November 20, 2013 | Quote
United Nations Elects Human Rights Violators to Human Rights Council
The United Nations elected China, Cuba, Russia, and Saudi Arabia to seats on its Human Rights Council Tuesday, all countries that have been widely condemned by international groups for gross human rights violations.
The U.N. General Assembly (UNGA)cast votes for 14 seats on the 47-member Human Rights Council (HRC). The HRC is responsible for adopting resolutions that censure human rights abuses globally and placing special monitors on problem countries and issues.
“China, Cuba, Russia, and Saudi Arabia systematically violate the human rights of their own citizens, and they consistently vote the wrong way on U.N. initiatives to protect the human rights of others,” said Hillel Neuer, executive director of U.N. Watch, in a press release.
“When the U.N.’s highest human rights body becomes a case of the foxes guarding the henhouse, the world’s victims suffer,” he added.
France, Britain, South Africa, Vietnam, Algeria, Morocco, Namibia, Maldives, Macedonia, and Mexico also secured seats in the vote and will serve three-year terms.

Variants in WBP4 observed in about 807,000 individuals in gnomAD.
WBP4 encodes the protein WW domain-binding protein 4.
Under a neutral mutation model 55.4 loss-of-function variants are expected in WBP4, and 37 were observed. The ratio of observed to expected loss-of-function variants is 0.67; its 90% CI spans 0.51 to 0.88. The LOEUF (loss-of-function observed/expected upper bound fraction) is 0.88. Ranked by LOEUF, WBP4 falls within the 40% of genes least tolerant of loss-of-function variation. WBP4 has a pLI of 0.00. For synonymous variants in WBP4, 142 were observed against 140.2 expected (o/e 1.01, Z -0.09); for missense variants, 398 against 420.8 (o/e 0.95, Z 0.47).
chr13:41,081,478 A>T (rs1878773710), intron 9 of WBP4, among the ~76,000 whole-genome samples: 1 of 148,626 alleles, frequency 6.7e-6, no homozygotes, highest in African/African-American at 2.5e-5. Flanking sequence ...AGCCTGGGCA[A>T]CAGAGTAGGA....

Neuer called the elections “a black day for human rights” in a separate statement after the votes on Tuesday.
Claudia Rosett, journalist-in-residence at the Foundation for Defense of Democracies (FDD), said in an interview that the latest HRC elections represent “the continuation of U.N. policies and a configuration that protects dictatorships.”
The HRC was created in 2006 to replace the discredited Commission on Human Rights, which was at one point led by former Libyan dictator Muammar Gaddafi, said Rosett, who has covered the U.N. extensively. Former President George W. Bush’s administration declined to join the council but President Barack Obama accepted admission to “work from within to reform it.”
“That hasn’t happened,” she said.
Instead, human rights offenders use the coveted HRC seats to gain legitimacy and “warp the basic definition of human rights,” Rosett said.
“It’s the Human Rights Council that routinely pushed free speech bans in the name of fighting racism and blasphemy,” she said. “It’s the Human Rights Council that routinely condemns Israel more than any other state even though Israel is a democracy.”
Rosett, the FDD journalist, said she does not expect the United States to achieve significant reforms to the HRC after the elections, noting that about half of the UNGA’s 193 member states are not free democratic countries.
“It’s impossible to create a body that is truly devoted to human rights because you have the General Assembly that is voting in its abusers,” she said. “[U.S.] efforts in Geneva have been less stalwart than one might wish.”